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Photo via Pxhere
Photo via Pxhere

Northeast Queens lawmakers were among those who voted in favor of a package of bills that would enact a number of gun reform measures throughout the state.

Legislation intended to prevent and reduce gun violence in New York state passed the Assembly on March 6, a few weeks after the school shooting in Parkland, Florida, in which 17 people were murdered. The bill will now go before the Republican-controlled state Senate, where some of the bills were already introduced as hostile amendments by Democrats and voted down late last month.

One of the measures would extend the wait period before a gun may be delivered to a purchaser yet to clear a background check. Under current federal regulations, gun dealers must conduct a background check through the National Instant Criminal Background Check System (NICS) before a sale. The NICS system responds with one of three messages: “proceed,” “denied” or “delayed.”

If the response is “delayed,” the dealer may still complete the sale after three business days while the FBI continues to investigate. According to the FBI, more than 15,000 gun sales went forward between 2010 and 2014 to individuals who were prohibited from purchasing or possessing a firearm because the determination could not be made within three business days.

The new bill, passed by the Assembly, would increase this regulation to 10 business days, giving authorities more time to come to a decision.

Bayside, Douglaston and Little Neck Assembly representative Edward Braunstein called the extended waiting period a “common sense approach which would help ensure that an individual has cleared a background check before he or she is able to purchase a gun.”

The bill is sponsored in the state Senate by fellow Bayside-based lawmaker Tony Avella.

Passed legislation also included measures to ban bump stocks (devices used to make legal firearms function like machine guns), prevent individuals determined to be a danger to themselves or others from possessing or purchasing firearms through a court-ordered “extreme risk protection order,” and prevent those convicted of a domestic violence crime from purchasing or possessing a firearm.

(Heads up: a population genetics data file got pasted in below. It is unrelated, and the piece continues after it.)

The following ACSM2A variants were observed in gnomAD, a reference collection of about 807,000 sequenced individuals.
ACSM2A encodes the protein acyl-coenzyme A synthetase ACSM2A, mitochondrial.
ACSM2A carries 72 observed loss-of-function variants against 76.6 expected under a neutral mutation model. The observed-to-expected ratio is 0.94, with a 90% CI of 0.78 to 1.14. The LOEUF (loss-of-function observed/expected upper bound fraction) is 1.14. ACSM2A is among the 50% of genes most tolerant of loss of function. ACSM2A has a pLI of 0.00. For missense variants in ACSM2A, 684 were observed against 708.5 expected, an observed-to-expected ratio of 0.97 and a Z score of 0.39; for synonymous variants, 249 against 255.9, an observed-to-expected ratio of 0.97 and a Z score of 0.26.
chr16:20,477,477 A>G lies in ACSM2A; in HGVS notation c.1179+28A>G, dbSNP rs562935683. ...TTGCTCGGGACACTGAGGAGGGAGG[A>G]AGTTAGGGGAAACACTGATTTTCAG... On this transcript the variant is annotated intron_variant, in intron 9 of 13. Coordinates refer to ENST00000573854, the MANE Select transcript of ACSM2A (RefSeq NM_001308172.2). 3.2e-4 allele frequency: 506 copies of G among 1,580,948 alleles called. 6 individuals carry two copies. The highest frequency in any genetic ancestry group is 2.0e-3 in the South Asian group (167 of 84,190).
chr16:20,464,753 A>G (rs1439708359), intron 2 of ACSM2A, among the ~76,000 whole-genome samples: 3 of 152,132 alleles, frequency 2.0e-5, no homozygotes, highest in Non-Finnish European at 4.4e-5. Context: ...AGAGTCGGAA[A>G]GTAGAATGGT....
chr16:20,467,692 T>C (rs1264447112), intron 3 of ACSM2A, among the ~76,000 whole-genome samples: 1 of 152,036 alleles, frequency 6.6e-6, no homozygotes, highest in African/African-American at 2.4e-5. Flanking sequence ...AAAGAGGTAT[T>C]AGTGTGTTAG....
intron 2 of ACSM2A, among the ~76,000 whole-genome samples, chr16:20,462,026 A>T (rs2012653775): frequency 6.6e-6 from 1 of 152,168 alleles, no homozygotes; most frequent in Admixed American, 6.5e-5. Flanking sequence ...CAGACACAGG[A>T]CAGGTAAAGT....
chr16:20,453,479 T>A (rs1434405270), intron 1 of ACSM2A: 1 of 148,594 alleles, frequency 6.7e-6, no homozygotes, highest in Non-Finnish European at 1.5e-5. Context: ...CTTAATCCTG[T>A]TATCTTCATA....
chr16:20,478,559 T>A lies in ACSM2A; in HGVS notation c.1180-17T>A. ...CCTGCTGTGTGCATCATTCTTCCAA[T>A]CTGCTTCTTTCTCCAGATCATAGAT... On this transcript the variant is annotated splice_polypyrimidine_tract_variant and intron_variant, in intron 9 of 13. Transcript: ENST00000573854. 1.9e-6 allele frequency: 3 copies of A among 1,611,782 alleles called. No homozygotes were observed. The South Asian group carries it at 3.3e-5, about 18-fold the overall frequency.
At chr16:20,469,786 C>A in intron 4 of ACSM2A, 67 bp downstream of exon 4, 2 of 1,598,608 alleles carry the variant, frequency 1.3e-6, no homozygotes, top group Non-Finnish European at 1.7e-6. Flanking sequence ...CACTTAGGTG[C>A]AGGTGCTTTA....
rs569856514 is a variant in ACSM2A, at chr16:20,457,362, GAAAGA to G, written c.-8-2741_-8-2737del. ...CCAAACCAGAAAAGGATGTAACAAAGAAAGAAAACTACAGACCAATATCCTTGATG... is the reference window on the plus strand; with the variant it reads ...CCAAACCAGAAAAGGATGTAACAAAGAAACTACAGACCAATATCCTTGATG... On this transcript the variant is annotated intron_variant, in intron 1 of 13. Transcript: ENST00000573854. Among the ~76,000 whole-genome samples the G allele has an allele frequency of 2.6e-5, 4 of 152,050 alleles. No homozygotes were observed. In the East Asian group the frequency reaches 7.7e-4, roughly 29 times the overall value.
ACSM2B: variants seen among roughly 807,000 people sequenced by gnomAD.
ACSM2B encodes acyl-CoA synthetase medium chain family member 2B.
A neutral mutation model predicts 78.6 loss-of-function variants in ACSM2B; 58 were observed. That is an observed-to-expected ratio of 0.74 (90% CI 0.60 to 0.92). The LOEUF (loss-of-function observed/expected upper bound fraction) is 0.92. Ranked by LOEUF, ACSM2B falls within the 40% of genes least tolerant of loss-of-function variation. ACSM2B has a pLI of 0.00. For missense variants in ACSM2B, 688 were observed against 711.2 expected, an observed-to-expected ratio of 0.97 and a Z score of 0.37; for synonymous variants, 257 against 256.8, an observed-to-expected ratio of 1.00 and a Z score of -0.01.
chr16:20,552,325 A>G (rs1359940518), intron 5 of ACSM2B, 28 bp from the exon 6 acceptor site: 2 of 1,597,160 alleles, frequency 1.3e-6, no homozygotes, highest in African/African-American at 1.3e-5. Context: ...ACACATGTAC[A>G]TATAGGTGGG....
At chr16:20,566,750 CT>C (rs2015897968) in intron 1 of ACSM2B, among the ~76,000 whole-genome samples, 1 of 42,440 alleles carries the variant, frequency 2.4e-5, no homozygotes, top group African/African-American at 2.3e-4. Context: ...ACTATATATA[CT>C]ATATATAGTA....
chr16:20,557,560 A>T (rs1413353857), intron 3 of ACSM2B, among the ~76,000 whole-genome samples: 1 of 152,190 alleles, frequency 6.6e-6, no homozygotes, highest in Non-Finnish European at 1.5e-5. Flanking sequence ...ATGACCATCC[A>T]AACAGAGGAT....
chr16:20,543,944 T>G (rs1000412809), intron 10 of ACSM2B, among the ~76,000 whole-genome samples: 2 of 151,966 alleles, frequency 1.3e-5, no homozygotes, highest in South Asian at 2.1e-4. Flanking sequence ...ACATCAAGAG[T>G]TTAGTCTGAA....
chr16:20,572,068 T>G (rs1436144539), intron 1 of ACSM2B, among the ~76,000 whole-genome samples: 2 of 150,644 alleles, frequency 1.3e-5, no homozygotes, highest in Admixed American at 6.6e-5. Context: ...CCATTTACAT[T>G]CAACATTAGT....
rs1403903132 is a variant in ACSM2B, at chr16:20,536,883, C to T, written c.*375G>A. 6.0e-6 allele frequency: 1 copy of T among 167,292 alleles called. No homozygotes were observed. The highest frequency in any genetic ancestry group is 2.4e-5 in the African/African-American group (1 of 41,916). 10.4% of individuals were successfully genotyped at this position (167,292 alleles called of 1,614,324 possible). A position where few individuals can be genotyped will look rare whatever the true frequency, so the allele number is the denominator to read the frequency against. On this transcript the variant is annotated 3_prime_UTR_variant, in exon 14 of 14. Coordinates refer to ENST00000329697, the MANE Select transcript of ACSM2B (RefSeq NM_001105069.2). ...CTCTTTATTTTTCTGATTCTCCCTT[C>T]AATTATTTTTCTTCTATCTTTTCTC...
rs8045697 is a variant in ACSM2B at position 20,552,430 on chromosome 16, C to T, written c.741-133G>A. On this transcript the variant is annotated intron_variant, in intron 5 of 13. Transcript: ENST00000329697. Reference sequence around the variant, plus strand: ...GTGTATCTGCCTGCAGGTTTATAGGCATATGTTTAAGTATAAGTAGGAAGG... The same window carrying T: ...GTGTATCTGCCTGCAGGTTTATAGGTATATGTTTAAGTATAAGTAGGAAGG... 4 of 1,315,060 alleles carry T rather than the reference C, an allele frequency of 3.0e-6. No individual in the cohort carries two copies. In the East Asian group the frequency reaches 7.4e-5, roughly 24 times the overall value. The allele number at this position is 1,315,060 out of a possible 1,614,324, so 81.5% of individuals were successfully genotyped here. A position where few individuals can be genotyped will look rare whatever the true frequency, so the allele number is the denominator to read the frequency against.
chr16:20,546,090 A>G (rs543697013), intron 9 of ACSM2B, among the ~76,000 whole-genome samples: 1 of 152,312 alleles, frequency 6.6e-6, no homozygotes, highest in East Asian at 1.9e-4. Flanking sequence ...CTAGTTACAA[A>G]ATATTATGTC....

“More than half of all female homicide victims in the United States are murdered by an intimate partner, with nearly three women killed every day,” Braunstein said. “One step in preventing further tragedies is ensuring that their abusers don’t have a gun.”

Assembly Speaker Carl Heastie called the legislation “an important step in our continuing effort to address the root causes of gun violence in our communities.”

“We will continue fighting to ensure that we have the strongest and smartest laws possible to keep citizens and communities safe,” Heastie said.

Assemblywoman Nily Rozic, who represents areas of Flushing, Fresh Meadows and Bayside, also spoke out in favor of the package of legislation.

“[On March 6,] the Assembly took action against gun violence by passing common sense legislation that would close loopholes in the law and keep New Yorkers safe,” Rozic said. “While the federal government continues debating over life-saving gun control measures, we are confronting the issue head-on to improve background checks, keep guns out of the hands of domestic abusers, and prevent the mass shootings that have shaken up schools and communities across the nation.”

Rozic has also sponsored and introduced the “Safe Homes Act,” which would authorize law enforcement officers to remove firearms from premises where there has been a report of domestic violence. The bill is currently in committee.

According to the Centers for Disease Control (CDC), New York has the third lowest rate of gun death in the country. In 2016, 900 people were killed by guns in the state.

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